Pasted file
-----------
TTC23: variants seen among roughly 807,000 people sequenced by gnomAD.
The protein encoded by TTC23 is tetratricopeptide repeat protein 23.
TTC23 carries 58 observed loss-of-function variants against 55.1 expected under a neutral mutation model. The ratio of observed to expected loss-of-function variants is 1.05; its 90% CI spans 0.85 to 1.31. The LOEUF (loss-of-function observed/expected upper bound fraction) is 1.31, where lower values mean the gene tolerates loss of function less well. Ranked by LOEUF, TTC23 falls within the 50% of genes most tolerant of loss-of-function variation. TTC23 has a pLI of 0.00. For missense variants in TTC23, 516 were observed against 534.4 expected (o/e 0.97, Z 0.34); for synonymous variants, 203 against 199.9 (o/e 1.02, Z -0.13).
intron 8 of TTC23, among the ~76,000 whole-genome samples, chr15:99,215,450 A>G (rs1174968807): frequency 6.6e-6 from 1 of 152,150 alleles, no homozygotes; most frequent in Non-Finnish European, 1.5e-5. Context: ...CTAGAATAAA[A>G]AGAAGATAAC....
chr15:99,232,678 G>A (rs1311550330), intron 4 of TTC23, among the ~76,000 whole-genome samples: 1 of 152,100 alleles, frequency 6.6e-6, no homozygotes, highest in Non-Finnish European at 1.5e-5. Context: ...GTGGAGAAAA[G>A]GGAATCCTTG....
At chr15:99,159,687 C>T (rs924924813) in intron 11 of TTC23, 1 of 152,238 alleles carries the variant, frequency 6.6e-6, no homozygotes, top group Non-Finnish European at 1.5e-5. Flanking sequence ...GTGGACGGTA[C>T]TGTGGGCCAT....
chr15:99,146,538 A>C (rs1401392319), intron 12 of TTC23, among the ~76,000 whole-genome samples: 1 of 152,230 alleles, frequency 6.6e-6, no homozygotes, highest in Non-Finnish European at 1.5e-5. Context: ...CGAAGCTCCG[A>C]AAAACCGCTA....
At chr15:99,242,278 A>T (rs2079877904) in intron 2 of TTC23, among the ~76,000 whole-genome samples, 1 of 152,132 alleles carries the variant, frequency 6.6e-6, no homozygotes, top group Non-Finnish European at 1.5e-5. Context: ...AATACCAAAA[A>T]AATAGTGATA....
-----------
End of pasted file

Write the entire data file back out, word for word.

TTC23: variants seen among roughly 807,000 people sequenced by gnomAD.
The protein encoded by TTC23 is tetratricopeptide repeat protein 23.
TTC23 carries 58 observed loss-of-function variants against 55.1 expected under a neutral mutation model. The ratio of observed to expected loss-of-function variants is 1.05; its 90% CI spans 0.85 to 1.31. The LOEUF (loss-of-function observed/expected upper bound fraction) is 1.31, where lower values mean the gene tolerates loss of function less well. Ranked by LOEUF, TTC23 falls within the 50% of genes most tolerant of loss-of-function variation. TTC23 has a pLI of 0.00. For missense variants in TTC23, 516 were observed against 534.4 expected (o/e 0.97, Z 0.34); for synonymous variants, 203 against 199.9 (o/e 1.02, Z -0.13).
intron 8 of TTC23, among the ~76,000 whole-genome samples, chr15:99,215,450 A>G (rs1174968807): frequency 6.6e-6 from 1 of 152,150 alleles, no homozygotes; most frequent in Non-Finnish European, 1.5e-5. Context: ...CTAGAATAAA[A>G]AGAAGATAAC....
chr15:99,232,678 G>A (rs1311550330), intron 4 of TTC23, among the ~76,000 whole-genome samples: 1 of 152,100 alleles, frequency 6.6e-6, no homozygotes, highest in Non-Finnish European at 1.5e-5. Context: ...GTGGAGAAAA[G>A]GGAATCCTTG....
At chr15:99,159,687 C>T (rs924924813) in intron 11 of TTC23, 1 of 152,238 alleles carries the variant, frequency 6.6e-6, no homozygotes, top group Non-Finnish European at 1.5e-5. Flanking sequence ...GTGGACGGTA[C>T]TGTGGGCCAT....
chr15:99,146,538 A>C (rs1401392319), intron 12 of TTC23, among the ~76,000 whole-genome samples: 1 of 152,230 alleles, frequency 6.6e-6, no homozygotes, highest in Non-Finnish European at 1.5e-5. Context: ...CGAAGCTCCG[A>C]AAAACCGCTA....
At chr15:99,242,278 A>T (rs2079877904) in intron 2 of TTC23, among the ~76,000 whole-genome samples, 1 of 152,132 alleles carries the variant, frequency 6.6e-6, no homozygotes, top group Non-Finnish European at 1.5e-5. Context: ...AATACCAAAA[A>T]AATAGTGATA....